Sunday, November 21, 2010

Titus Andronicus: The Monitor Album Review


Today I am writing about one of my favorite new albums of 2010: The Monitor from Titus Andronicus. How could I not like an indie rock/punk album that is loosely based on Civil War imagery and themes?

Titus Andronicus is a New Jersey band that has been around since 2005. Do not think they are a bunch of pompous a-holes because they took their name from Shakespeare’s play, or because of this album’s subject matter. This band is high-energy and really fun to listen to, mostly because of frontman Patrick Stickles. I found out about them when I saw them perform on Late Night with Jimmy Fallon.

The Monitor is their second album, and it has gotten very good reviews since it was released in March. For those of you who do not remember your old history classes, the USS Monitor was the first ironclad ship of the United States Navy.

The ship was probably best known for its epic 1862 fight with CSS Virginia at the Battle of Hampton Roads. And, “The Battle of Hampton Roads” happens to be the 14-minute foaming-at-the-mouth finale to the album, which even has a bagpipe solo in it,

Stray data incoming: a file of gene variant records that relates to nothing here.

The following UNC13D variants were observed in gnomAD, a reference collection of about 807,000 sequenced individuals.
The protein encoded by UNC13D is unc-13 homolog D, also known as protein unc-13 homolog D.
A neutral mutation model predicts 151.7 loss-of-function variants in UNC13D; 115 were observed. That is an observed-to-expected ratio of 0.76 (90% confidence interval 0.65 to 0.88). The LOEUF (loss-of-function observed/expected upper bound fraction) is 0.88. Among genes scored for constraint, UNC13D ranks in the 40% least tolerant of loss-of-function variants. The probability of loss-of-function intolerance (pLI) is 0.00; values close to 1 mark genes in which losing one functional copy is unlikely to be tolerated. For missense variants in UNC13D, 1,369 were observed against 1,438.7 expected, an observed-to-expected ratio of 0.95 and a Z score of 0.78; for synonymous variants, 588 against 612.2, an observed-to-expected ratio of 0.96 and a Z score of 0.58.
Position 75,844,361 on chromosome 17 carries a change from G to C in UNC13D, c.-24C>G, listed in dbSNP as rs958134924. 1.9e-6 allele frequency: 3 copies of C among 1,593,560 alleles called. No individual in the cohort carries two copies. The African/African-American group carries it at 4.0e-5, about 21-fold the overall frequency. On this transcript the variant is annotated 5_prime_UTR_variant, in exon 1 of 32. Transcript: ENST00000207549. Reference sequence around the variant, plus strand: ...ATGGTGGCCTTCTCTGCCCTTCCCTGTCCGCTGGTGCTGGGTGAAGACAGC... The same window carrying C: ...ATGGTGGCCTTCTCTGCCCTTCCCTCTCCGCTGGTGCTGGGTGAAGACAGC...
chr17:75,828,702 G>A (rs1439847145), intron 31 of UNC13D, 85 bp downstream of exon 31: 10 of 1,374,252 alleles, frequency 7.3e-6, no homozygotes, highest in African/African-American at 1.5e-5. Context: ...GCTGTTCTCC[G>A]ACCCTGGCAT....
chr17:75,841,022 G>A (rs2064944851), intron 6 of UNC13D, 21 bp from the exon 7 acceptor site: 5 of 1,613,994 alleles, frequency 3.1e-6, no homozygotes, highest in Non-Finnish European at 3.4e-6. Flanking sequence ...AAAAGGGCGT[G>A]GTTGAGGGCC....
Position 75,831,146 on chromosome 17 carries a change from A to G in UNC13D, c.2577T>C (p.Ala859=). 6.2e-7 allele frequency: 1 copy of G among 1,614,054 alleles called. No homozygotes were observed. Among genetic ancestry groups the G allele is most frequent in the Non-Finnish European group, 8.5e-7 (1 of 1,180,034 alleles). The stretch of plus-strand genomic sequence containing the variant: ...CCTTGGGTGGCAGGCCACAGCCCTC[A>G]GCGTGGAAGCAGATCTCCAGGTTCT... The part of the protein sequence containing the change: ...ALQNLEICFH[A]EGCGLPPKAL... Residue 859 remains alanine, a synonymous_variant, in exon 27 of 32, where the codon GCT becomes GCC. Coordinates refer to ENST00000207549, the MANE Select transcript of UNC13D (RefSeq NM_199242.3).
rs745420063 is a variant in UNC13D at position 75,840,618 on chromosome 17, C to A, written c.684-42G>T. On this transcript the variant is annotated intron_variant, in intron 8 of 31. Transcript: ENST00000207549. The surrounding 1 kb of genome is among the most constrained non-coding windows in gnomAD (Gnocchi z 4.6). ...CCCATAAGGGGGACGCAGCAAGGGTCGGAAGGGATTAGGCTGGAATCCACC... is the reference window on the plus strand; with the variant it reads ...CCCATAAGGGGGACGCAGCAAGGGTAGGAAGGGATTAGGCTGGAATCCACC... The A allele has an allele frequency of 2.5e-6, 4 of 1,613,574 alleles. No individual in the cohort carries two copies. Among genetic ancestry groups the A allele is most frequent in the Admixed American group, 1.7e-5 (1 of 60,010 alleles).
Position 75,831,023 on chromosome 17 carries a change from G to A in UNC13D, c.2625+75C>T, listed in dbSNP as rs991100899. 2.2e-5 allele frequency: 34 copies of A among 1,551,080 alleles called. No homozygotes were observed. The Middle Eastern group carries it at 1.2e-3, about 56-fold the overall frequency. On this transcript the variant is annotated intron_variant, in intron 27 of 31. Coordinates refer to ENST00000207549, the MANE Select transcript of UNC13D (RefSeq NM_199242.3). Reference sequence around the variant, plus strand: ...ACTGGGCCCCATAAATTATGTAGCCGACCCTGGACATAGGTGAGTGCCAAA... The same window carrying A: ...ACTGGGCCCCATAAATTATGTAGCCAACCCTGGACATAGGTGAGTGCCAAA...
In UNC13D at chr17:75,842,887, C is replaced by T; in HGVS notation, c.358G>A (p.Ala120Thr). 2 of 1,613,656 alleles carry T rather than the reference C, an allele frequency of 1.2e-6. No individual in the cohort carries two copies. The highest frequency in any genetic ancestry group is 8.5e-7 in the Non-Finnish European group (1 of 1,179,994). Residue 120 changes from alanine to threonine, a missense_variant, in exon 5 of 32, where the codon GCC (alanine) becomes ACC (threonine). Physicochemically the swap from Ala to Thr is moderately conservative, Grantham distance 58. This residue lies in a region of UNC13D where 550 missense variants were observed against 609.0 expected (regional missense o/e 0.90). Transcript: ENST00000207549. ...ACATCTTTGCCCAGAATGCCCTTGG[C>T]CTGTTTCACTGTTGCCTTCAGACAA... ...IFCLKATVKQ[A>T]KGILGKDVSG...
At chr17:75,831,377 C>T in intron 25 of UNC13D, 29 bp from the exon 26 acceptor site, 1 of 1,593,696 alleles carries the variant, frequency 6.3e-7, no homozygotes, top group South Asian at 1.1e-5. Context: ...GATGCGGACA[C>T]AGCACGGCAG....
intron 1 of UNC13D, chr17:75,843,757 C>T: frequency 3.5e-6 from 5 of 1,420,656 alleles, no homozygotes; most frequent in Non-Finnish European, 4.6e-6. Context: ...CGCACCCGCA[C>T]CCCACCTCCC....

Like I said, The Monitor album draws inspiration from the Civil War, which is maybe one of the biggest bags of inspiration you could dig around in. But this is not a Civil war album. There is some period spoken word and imagery, but it mostly seems to be angst-ridden New Jerseyites having a good time and exorcising their emotional demons at the same time. It seems that every war reference should be interpreted as current day issues experienced by Stickles.

And, my god, Stickles sure seems to channel some Springsteen. His phrasing and voice have some distinct similarities. Taking it a little further, the opening song (“A Perfect Union”) actually paraphrases Bruce’s lyrics, and they give him a shout-out in the finale. And do not take this as a bad thing, I think it is awesome.

Also awesome is the way The Monitor build to the finale, travelling though a waltz, some drinking songs, some Irish jigs, punk rock anger, and finally, the bagpipe solo.

As a bonus, there are guest appearances by members of Ponytail, Wye Oak, Hallelujah The Hills, Spider Bags, Vivian Girls, and The Hold Steady.

The Monitor is worth every penny, and I recommend downloading it today. It is 65 minutes of pure self-indulgent goodness. One warning, though: don’t play “The Theme from Cheers” around little children.


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